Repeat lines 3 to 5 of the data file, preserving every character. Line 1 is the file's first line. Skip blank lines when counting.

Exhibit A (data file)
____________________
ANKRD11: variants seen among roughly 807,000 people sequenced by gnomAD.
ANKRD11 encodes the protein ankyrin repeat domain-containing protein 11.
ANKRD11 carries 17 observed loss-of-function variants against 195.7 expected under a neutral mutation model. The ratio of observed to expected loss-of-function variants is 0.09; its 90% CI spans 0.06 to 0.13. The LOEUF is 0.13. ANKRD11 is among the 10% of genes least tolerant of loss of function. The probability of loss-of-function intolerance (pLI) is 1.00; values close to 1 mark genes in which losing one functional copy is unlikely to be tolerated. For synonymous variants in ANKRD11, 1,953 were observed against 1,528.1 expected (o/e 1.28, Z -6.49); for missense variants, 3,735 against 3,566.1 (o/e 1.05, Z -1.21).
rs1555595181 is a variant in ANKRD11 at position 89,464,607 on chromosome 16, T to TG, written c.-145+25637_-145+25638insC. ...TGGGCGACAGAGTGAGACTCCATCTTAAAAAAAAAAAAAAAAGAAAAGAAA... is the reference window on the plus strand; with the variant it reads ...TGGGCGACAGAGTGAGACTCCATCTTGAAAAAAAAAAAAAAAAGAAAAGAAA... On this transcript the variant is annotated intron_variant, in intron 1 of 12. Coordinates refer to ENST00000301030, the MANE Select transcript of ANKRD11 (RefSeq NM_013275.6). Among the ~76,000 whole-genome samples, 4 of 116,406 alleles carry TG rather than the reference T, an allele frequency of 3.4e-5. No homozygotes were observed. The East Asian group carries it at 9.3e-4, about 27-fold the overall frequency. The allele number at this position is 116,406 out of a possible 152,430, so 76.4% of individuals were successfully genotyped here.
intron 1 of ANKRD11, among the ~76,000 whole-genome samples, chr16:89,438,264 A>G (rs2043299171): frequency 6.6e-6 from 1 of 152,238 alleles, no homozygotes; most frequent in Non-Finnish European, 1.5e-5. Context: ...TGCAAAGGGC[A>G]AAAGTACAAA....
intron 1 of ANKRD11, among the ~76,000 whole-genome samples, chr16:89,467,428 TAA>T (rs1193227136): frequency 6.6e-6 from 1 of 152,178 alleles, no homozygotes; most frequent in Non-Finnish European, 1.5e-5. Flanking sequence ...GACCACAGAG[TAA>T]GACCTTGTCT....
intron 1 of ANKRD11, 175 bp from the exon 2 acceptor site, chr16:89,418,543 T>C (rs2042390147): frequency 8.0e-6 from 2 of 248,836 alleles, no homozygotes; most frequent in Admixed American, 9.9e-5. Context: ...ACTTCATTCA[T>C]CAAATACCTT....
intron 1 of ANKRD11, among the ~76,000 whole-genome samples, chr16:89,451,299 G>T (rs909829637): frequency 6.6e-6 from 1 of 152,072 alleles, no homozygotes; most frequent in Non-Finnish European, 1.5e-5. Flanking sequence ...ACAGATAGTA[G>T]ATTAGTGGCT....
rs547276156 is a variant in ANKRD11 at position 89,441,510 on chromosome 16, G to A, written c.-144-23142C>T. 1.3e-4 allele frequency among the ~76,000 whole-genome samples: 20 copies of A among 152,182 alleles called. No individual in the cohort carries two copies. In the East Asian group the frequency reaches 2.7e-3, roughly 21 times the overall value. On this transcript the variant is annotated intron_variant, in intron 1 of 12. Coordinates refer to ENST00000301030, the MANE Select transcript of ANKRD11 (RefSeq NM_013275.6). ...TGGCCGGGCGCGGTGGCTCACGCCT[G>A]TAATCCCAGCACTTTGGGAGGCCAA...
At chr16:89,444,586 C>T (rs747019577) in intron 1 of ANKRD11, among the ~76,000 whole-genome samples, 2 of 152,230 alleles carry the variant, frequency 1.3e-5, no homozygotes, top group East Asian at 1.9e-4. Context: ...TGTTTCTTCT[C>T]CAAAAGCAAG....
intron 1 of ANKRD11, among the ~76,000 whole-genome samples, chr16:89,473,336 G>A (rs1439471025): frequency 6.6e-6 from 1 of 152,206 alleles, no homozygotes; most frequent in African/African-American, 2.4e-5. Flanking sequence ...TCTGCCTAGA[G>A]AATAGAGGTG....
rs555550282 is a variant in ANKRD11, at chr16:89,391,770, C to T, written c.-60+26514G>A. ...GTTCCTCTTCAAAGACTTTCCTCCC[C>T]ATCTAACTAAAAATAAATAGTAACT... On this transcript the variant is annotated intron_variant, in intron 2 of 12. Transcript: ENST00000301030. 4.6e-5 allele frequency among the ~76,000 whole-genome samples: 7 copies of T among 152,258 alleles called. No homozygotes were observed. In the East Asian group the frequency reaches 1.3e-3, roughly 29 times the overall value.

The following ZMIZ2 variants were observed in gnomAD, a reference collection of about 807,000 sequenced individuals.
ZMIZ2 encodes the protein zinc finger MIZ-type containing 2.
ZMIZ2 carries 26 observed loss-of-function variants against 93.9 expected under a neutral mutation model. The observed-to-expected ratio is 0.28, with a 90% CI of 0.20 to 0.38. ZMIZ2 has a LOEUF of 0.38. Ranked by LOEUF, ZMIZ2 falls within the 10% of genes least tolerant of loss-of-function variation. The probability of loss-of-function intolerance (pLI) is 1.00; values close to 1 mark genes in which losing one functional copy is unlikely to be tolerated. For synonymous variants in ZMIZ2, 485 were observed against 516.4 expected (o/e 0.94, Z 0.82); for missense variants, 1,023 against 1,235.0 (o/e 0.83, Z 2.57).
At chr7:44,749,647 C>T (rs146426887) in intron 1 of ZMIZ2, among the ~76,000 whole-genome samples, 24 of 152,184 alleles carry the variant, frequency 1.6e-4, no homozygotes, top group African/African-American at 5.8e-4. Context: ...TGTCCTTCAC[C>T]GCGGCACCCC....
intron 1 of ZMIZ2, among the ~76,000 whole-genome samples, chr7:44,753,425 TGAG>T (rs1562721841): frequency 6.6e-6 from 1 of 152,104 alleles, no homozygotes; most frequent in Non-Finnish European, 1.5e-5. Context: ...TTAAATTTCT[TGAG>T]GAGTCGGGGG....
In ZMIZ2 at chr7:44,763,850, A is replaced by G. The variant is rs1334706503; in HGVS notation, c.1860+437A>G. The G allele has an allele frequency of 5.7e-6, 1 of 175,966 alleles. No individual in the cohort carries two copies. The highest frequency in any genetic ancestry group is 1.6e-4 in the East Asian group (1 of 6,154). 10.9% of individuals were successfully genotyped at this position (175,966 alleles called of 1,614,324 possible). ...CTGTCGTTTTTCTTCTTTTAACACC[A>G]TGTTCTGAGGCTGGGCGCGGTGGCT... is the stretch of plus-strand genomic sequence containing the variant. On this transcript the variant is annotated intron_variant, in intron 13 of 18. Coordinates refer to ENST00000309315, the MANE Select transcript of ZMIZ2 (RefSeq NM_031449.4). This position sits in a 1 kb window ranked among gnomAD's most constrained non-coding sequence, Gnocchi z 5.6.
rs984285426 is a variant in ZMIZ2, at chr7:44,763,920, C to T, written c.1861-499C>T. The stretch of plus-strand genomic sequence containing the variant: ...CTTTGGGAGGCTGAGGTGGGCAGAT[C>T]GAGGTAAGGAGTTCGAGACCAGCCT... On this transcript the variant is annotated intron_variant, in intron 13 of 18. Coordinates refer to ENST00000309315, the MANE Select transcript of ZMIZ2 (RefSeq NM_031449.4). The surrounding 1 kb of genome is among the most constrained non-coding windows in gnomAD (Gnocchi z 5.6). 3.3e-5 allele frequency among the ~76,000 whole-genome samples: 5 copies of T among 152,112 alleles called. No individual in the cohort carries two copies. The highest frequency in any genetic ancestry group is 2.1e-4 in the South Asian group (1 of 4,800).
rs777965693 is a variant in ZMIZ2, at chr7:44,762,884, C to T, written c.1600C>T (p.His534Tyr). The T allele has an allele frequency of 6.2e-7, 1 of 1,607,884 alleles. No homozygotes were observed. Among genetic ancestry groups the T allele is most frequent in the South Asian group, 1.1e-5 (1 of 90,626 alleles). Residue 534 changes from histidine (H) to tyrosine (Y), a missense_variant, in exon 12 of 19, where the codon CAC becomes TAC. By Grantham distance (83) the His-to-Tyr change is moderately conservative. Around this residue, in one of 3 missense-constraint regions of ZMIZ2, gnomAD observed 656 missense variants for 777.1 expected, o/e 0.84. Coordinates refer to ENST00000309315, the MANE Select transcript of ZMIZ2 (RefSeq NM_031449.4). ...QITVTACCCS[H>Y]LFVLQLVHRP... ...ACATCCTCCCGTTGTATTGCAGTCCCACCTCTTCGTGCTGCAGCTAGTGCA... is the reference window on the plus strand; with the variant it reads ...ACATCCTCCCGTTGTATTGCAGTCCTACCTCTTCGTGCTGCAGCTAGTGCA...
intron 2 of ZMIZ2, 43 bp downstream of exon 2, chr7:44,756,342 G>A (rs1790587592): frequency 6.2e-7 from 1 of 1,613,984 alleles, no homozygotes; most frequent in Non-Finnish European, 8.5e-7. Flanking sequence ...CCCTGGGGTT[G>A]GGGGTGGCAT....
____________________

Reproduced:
ANKRD11 carries 17 observed loss-of-function variants against 195.7 expected under a neutral mutation model. The ratio of observed to expected loss-of-function variants is 0.09; its 90% CI spans 0.06 to 0.13. The LOEUF is 0.13. ANKRD11 is among the 10% of genes least tolerant of loss of function. The probability of loss-of-function intolerance (pLI) is 1.00; values close to 1 mark genes in which losing one functional copy is unlikely to be tolerated. For synonymous variants in ANKRD11, 1,953 were observed against 1,528.1 expected (o/e 1.28, Z -6.49); for missense variants, 3,735 against 3,566.1 (o/e 1.05, Z -1.21).
rs1555595181 is a variant in ANKRD11 at position 89,464,607 on chromosome 16, T to TG, written c.-145+25637_-145+25638insC. ...TGGGCGACAGAGTGAGACTCCATCTTAAAAAAAAAAAAAAAAGAAAAGAAA... is the reference window on the plus strand; with the variant it reads ...TGGGCGACAGAGTGAGACTCCATCTTGAAAAAAAAAAAAAAAAGAAAAGAAA... On this transcript the variant is annotated intron_variant, in intron 1 of 12. Coordinates refer to ENST00000301030, the MANE Select transcript of ANKRD11 (RefSeq NM_013275.6). Among the ~76,000 whole-genome samples, 4 of 116,406 alleles carry TG rather than the reference T, an allele frequency of 3.4e-5. No homozygotes were observed. The East Asian group carries it at 9.3e-4, about 27-fold the overall frequency. The allele number at this position is 116,406 out of a possible 152,430, so 76.4% of individuals were successfully genotyped here.
intron 1 of ANKRD11, among the ~76,000 whole-genome samples, chr16:89,438,264 A>G (rs2043299171): frequency 6.6e-6 from 1 of 152,238 alleles, no homozygotes; most frequent in Non-Finnish European, 1.5e-5. Context: ...TGCAAAGGGC[A>G]AAAGTACAAA....